Global stocks mixed, gold spikes above $2,100/oz
It’s a busy week for economic data that will test market bets on rate cuts from major central banks next year
London/Sydney — Global shares were mixed on Monday, while gold spiked to all-time peaks above $2,100 an ounce at the start of a busy week for economic data that will test market wagers on rate cuts from major central banks next year.
MSCI’s broadest index of world shares rose 0.1% after hitting a fourmonth high in earlier trading. However, Europe’s Stoxx 600 benchmark fell 0.1%.
European retailers enjoyed an early “Santa Rally” as the index of top retailer shares traded up 1.1% to its highest since March 2022. But any early holiday cheer was offset by losses in the basic resources index, which fell 1.7%, undermined by lower copper prices.
Attacks on commercial vessels in the Red Sea on Sunday risked reigniting investor worries about a widening of the war between Israel and Hamas, potentially complicating the outlook for a rally that saw US stocks crest a fresh closing high for the year last week.
But front of mind for analysts and traders was the US November payrolls report due on Friday, which needs to be solid enough to support the economic soft-landing scenario, but not so strong as to threaten the chance of easing. Median forecasts see payrolls to rise 180,000, keeping unemployment steady at 3.9%.
Wage growth still sits above the Fed’s target, said Bruno Schneller, MD at Invico Asset Management. If upcoming data aligns with expectations, it could mean the end of rate hiking this year and a shift to cuts in 2024.
“Considering the upcoming 2024 US presidential election, the Fed will likely avoid actions that could be perceived as favouring any candidate, leading us to expect no major surprises and a continued data-dependent approach from the Fed,” said Schneller.
Futures now imply a 60% chance the Fed will ease as soon as March, up from 21% a week ago, and are pricing in around 135 basis points (bps) of cuts for all of 2024.
The turnaround in Treasuries has been nothing short of astonishing as two-year yields fell 41 bps in just a week, the best performance since the mini-crisis in the US bank sector in March.
So it was no surprise that some profit-taking emerged on Monday and nudged yields on 10-year notes up to 4.25%, but still well short of the October top of 5.02%.
Bullish for EM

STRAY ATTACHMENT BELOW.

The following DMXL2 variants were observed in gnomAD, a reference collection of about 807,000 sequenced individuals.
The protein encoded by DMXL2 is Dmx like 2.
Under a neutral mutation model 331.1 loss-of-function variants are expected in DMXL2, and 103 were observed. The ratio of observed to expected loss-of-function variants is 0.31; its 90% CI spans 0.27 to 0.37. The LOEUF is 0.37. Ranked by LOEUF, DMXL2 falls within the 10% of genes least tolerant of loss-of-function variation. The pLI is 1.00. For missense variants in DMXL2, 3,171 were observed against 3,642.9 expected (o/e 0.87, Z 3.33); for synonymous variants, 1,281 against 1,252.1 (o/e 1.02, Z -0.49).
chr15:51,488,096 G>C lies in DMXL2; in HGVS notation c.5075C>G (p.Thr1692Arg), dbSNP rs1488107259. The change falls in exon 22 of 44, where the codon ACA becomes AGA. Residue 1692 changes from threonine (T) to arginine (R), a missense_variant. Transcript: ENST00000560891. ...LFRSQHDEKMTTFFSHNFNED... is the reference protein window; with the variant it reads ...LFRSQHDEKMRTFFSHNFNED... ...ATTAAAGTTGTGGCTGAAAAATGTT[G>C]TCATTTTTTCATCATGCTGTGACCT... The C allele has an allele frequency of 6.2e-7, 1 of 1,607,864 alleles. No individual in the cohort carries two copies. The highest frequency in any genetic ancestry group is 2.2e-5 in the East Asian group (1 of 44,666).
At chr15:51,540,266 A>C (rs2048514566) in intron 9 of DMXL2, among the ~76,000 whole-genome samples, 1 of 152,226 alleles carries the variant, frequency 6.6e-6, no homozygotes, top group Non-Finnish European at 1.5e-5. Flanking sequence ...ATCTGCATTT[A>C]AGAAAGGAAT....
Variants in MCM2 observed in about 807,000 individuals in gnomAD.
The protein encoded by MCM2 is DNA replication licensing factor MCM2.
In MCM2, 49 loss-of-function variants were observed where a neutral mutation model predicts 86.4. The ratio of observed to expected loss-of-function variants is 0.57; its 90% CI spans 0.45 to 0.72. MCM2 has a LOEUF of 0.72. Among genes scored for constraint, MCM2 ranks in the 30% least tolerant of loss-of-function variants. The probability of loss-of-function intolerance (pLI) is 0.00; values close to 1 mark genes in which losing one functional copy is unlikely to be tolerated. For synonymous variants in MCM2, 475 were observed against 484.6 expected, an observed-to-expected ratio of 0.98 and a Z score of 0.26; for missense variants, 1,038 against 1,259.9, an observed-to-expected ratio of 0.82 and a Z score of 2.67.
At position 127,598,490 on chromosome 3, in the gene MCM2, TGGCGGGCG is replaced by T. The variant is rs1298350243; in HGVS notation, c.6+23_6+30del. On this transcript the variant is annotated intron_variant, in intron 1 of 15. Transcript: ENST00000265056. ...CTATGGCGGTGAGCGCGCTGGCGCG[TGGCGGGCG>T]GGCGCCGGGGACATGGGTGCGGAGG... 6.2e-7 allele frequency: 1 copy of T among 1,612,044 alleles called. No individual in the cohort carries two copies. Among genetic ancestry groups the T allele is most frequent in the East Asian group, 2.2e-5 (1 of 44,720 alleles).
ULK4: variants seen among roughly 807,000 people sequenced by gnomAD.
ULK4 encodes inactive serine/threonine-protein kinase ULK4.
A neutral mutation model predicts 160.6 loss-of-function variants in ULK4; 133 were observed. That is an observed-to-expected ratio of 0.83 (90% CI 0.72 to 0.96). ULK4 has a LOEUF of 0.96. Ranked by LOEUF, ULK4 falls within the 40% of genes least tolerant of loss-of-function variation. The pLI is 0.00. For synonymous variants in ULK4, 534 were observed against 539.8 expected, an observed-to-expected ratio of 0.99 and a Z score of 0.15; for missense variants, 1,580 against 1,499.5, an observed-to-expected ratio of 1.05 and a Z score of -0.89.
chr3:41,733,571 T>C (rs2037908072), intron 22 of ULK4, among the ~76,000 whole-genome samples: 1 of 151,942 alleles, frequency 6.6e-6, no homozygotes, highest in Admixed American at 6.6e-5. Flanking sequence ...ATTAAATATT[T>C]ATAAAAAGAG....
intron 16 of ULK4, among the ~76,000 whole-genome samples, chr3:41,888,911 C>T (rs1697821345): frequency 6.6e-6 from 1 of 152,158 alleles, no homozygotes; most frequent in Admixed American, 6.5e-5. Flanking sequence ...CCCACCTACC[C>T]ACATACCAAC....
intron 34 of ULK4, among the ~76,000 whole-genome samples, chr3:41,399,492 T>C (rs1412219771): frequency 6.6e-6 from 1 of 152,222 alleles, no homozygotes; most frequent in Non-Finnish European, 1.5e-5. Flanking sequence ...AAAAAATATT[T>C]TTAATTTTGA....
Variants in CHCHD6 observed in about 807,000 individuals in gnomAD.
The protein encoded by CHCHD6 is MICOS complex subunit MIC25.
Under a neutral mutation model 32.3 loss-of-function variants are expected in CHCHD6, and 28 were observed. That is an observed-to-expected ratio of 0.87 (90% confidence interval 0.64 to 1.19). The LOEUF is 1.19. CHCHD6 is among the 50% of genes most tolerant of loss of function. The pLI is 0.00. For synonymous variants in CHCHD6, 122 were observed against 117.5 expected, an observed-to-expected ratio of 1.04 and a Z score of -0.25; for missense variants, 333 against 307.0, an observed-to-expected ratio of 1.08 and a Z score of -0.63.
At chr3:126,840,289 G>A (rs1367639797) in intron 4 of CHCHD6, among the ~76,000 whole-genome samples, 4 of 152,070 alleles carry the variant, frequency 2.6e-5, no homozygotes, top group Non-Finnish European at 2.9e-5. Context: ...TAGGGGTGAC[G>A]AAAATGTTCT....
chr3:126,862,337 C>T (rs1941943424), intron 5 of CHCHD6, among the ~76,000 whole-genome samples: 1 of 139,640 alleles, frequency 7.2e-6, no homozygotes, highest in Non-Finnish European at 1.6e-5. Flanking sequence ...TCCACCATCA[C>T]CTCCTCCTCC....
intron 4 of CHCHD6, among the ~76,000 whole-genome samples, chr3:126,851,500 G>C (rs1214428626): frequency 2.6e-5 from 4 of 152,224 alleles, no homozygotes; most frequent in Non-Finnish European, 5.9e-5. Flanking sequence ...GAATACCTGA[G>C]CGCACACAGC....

“Starting in June, we expect the Fed to start cutting rates by 25bp per quarter until reaching a terminal rate of 3% in 2026,” BofA global economist Claudio Irigoyen said.
“Our year-end 2024 US rate forecasts for two-year and 10-year Treasuries are 4.00% and 4.25%, bringing an end to the yield curve inversion,” he added.
Such an outlook should also be positive for emerging markets. BofA noted returns in the 12 months after the last Fed hike tend to be highly positive, with EM equities averaging around 10% and total EM bond returns even higher.
Central bank meetings in Canada and Australia this week are both expected to see rates there unchanged.
The tumble in Treasury yields in turn pulled the rug out from under the dollar, particularly against the yen, where it slid 1.8% last week and was last down at 146.63.
Speculation about an eventual unwinding of the Bank of Japan’s super-loose policies has added to the pressure on yen carry trades and could carry the Japanese currency back to its July highs around 138.00.
The euro ticked down 0.1% to $1.0875. It has also been climbing recently but suffered a reversal last week when surprisingly soft inflation data led markets to price in a March rate cut from the European Central Bank.
The dollar rose 0.2% against a basket of currencies while US stock futures pointed over 0.3% lower.
The ever-hawkish Bundesbank president Joachim Nagel pushed back against the doves in an interview over the weekend. But with inflation subsiding so fast markets figure the ECB will have to ease just to stop real rates from rising.
ECB president Christine Lagarde will have her own chance to comment in a speech and Q&A later on Monday.
The dive in yields and the dollar has been a boon for non-yielding gold, which hit a record of $2,111.39 an ounce before sliding back to $2,071.50 an ounce by 0945 GMT.
Oil prices dropped on doubts that Opec+ will be able to maintain planned output cuts. Underlining this, US oil production is at record levels above 13-million barrels a day and rig counts are still rising.
The attacks on shipping in the Red Sea offered only fleeting support and Brent eased 60c to $78.28 a barrel, while US crude fell 57c to $73.52 at 0954 GMT.
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